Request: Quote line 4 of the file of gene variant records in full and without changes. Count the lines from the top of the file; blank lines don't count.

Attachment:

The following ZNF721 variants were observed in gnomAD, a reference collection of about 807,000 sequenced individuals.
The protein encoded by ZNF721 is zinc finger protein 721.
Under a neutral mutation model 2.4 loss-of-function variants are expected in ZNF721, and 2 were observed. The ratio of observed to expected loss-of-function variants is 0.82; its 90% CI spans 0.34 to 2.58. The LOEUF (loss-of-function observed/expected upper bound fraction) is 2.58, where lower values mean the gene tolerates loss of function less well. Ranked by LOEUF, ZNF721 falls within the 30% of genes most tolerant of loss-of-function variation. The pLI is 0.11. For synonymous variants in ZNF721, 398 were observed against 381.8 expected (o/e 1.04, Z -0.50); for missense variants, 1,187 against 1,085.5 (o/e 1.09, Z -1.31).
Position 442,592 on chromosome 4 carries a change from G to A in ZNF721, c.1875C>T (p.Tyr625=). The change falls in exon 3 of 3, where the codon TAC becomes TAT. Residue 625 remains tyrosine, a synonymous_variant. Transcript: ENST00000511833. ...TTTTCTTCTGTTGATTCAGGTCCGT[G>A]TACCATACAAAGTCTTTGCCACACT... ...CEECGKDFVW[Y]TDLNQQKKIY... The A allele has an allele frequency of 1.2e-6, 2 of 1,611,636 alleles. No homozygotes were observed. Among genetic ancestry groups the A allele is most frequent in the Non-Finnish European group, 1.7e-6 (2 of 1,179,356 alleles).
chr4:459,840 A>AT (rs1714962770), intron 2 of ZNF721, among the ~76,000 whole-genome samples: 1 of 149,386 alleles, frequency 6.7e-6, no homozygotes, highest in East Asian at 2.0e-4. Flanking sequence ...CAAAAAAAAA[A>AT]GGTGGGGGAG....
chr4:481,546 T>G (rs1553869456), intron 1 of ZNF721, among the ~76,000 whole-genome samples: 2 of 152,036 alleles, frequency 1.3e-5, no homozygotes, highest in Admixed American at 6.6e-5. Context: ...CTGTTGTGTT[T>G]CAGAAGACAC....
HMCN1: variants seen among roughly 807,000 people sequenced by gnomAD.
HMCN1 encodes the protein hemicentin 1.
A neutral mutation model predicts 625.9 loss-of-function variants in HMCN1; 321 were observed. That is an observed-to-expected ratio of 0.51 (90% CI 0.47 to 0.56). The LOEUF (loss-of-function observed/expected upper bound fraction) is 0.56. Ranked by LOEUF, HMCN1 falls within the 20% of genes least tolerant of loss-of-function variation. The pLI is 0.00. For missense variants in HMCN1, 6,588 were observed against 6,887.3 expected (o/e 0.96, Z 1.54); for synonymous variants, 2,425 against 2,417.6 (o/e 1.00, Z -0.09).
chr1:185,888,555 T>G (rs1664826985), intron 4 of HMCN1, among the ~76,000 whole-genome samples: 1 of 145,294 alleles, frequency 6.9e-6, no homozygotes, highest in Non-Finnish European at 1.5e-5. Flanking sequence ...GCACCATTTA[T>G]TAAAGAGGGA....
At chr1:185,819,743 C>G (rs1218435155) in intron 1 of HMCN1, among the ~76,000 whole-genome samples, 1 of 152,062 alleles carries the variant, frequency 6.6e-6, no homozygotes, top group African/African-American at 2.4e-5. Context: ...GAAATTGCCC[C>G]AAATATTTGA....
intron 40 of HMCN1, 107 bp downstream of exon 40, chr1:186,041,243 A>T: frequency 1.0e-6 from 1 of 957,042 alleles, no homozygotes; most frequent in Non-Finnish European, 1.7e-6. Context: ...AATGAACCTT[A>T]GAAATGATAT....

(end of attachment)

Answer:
Position 442,592 on chromosome 4 carries a change from G to A in ZNF721, c.1875C>T (p.Tyr625=). The change falls in exon 3 of 3, where the codon TAC becomes TAT. Residue 625 remains tyrosine, a synonymous_variant. Transcript: ENST00000511833. ...TTTTCTTCTGTTGATTCAGGTCCGT[G>A]TACCATACAAAGTCTTTGCCACACT... ...CEECGKDFVW[Y]TDLNQQKKIY... The A allele has an allele frequency of 1.2e-6, 2 of 1,611,636 alleles. No homozygotes were observed. Among genetic ancestry groups the A allele is most frequent in the Non-Finnish European group, 1.7e-6 (2 of 1,179,356 alleles).